- Why TCI?
- Social Studies
- Free Lessons
- Professional Development
This month, we are thrilled to feature Dobrila (Bri) Savic, an elementary teacher at Ivy Hall Elementary School in Buffalo Grove, Illinois. Bri has been an educator for 27 years. She believes in teaching to each student’s individualized strengths and abilities so that all learners can truly achieve their personal best. Read more about Bri’s teaching philosophy in her own words below:
“I am very passionate about helping English learners achieve academic and social success. In the same way, I am dedicated to supporting my colleagues in making educational content accessible and implementing best practices for English learners. I also have a passion for integrating educational technology into teaching and learning to support and optimize learning and home-school connection.”
You can learn more about Dobrila’s experience with the Grade 2 program of TCI’s Bring Science Alive! Exploring Science Practices in our conversation below.
What was your favorite subject when you were a student?
My favorite subject growing up was math. In a sense, math is a universal language. It was something my non-English speaking parents and I could do together. Because there are a lot of math connections, I also enjoyed science.
How do you integrate the TCI curriculum and tools into your classroom?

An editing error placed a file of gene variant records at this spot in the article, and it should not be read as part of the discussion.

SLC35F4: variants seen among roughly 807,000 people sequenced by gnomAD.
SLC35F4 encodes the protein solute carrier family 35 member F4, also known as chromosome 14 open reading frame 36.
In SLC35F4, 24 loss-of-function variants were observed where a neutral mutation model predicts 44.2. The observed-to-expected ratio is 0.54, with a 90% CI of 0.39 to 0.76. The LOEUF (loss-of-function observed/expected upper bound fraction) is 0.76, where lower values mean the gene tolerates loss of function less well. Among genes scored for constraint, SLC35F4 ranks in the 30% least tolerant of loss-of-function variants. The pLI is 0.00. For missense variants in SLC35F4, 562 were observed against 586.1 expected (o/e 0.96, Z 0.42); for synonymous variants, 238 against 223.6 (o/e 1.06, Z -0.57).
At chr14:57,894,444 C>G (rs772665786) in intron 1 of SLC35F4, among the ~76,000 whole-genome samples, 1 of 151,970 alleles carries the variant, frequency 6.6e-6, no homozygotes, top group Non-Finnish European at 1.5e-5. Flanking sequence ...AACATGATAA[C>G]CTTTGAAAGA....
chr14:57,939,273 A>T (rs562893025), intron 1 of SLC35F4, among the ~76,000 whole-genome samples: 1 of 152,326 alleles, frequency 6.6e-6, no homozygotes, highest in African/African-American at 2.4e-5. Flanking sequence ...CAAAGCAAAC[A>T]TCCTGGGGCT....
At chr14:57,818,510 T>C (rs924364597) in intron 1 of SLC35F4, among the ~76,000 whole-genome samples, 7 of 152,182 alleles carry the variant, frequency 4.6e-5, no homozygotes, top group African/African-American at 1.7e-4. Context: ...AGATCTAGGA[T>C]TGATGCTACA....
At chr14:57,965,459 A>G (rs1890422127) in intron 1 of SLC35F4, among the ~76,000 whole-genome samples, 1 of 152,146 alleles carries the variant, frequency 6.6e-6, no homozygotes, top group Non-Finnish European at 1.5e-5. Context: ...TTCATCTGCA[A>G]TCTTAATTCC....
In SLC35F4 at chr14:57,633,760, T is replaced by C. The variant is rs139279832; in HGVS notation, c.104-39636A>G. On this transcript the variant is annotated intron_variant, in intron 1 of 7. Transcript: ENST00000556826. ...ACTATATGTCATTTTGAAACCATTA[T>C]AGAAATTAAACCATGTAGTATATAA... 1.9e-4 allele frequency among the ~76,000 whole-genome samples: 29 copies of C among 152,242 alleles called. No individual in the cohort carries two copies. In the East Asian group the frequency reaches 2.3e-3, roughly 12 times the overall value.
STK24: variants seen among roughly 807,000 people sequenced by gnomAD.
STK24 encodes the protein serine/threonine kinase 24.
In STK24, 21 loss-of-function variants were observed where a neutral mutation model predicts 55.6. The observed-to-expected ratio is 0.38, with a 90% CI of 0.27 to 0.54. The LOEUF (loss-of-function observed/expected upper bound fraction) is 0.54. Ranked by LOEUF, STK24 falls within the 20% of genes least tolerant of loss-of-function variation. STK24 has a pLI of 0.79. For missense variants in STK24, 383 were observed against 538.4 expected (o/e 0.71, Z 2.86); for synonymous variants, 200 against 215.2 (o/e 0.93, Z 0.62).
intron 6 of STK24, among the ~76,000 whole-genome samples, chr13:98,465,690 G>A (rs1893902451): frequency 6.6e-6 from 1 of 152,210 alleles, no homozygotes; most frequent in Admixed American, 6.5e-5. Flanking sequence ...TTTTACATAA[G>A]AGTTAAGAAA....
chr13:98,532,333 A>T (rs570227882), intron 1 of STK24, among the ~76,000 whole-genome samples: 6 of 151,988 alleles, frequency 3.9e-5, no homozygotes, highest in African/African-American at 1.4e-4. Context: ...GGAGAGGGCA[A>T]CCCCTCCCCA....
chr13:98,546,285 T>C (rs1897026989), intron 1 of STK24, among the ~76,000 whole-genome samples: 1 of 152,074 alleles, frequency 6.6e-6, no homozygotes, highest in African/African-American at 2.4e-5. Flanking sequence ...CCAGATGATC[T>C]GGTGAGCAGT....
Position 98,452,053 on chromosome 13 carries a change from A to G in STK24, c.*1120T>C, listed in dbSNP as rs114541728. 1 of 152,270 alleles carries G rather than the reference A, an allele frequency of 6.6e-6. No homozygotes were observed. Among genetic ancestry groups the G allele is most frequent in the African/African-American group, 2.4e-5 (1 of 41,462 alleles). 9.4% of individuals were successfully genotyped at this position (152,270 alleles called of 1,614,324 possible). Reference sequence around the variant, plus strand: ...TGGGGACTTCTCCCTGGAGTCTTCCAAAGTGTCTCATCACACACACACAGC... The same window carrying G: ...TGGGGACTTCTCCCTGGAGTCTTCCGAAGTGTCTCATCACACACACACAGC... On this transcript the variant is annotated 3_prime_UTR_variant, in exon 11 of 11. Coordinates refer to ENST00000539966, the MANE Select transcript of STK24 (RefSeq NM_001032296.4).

We launch the unit of study by introducing the anchoring phenomenon. The students make connections between the lessons and the phenomenon to help them answer the essential questions and make sense of the phenomenon. Because the text in our digital resource is audio supported with inline dictionaries, it is accessible by all students. Through exploration, curricular connections are made to math and literacy.
What’s your favorite TCI lesson?
My students and I enjoyed engaging in the STEM project of making a hand pollinator. The activity allowed for student choice and creativity. I incorporated a few cooperative structures for students to collaborate on their prototypes and communicate their thinking and final products with each other.
How has the curriculum helped drive student engagement and learning outcomes?
The hands-on activities allow students to make kinesthetic connections to the science concepts and collaborate. Because the resource encourages students to collaborate while engaging in the multimodality activities, they learn with and from each other. This yields a deep understanding of the content and is reflected on their assessments.
What changes have you seen in your classroom since implementing TCI’s curriculum?
The students enjoy learning about the concepts and playing the lesson games. They are highly motivated by and engaged in hands-on activities. Because the resource is digital, students enjoy accessing the content with their families wherever there is internet access on their devices.
Are there any specific skills that you’ve seen improve as a result of using TCI’s materials?
As a result of interacting with TCI’s text and engaging in hands-on science activities, I have seen students’ nonfiction reading skills, technology skills, and collaboration skills improve.
Lastly, is there a teaching tip that you would like to share with other teachers?
I encourage teachers to intentionally plan and vary cooperative structures so students have multiple opportunities to engage in critical thinking, collaborate, create and communicate with one another, so they learn with and from each other.